Plant-based diet associated with lower total and cardiac mortality
Higher plant protein consumption was found to be correlated to lower total and cardiovascular disease (CVD)-related mortality, according to a new study published in JAMA Internal Medicine.
In the prospective cohort study involving Japanese adults followed up for a mean of 18 years, researchers assessed the relationships between animal and plant protein consumption and all-cause and cause-specific mortality. The replacement of red meat protein or processed meat protein with plant protein was correlated with lower total, cancer-related, and CVD-related mortality. However, animal protein consumption was not related to mortality outcomes.
The study included 70,696 participants, ages 45 to 74 years from the Japan Public Health Center-Based Prospective Cohort who had no history of cancer, cerebrovascular disease, or ischemic heart disease at baseline. Researchers looked at data from January 1, 1995 through December 31, 1999, following up December 31, 2016. During that time, 12,381 deaths were documented.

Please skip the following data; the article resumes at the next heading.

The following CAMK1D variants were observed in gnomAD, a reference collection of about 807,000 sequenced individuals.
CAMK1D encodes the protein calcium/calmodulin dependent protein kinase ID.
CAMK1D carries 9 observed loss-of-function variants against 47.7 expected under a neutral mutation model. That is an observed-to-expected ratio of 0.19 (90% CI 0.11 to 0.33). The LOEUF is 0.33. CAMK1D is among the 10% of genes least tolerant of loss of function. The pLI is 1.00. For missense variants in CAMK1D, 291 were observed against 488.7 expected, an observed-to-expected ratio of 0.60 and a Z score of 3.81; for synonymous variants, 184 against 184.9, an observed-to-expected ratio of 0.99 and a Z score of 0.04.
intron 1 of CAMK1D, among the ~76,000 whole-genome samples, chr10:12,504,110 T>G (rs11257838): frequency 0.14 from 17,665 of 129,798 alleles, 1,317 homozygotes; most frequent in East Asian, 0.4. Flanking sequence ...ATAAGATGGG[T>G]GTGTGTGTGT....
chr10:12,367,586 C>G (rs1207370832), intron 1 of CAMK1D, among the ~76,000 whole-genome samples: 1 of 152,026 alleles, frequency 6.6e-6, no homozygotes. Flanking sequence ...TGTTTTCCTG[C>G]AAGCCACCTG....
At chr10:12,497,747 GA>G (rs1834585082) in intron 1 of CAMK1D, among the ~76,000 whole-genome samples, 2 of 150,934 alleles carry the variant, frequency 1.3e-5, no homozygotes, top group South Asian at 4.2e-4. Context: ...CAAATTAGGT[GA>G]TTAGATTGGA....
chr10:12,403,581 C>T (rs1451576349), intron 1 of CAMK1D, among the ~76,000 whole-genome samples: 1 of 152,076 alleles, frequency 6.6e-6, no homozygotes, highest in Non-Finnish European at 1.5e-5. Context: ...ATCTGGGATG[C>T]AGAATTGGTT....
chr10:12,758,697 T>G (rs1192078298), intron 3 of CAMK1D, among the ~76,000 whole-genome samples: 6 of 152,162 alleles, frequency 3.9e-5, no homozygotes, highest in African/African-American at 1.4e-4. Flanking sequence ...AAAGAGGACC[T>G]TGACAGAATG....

Dietary intake information was collected through a validated food frequency questionnaire and used to estimate protein intake in all participants. Participants were grouped into quintile categories based on their protein intake, expressed as a percentage of total energy. Data were analyzed from July 18, 2017, through April 10, 2019.
Among participants, 45.5 percent were men and 54.5 percent were women. Consumption of animal protein exhibited no clear correlation with total or cause-specific mortality. However, consumption of plant protein was related to lower total mortality. This correlation with plant protein consumption was evident for CVD–related mortality and for cause-specific mortality, according to the study abstract.
For red meat protein, isocaloric substitution of 3 percent energy from plant protein was related to lower total, cancer-related, and CVD-related mortality and substitution for processed meat protein was correlated with lower total and cancer-related mortality, researchers said.
Although animal protein intake was not associated with mortality outcomes, replacement of red meat protein or processed meat protein with plant protein was associated with lower total, cancer-related, and CVD-related mortality.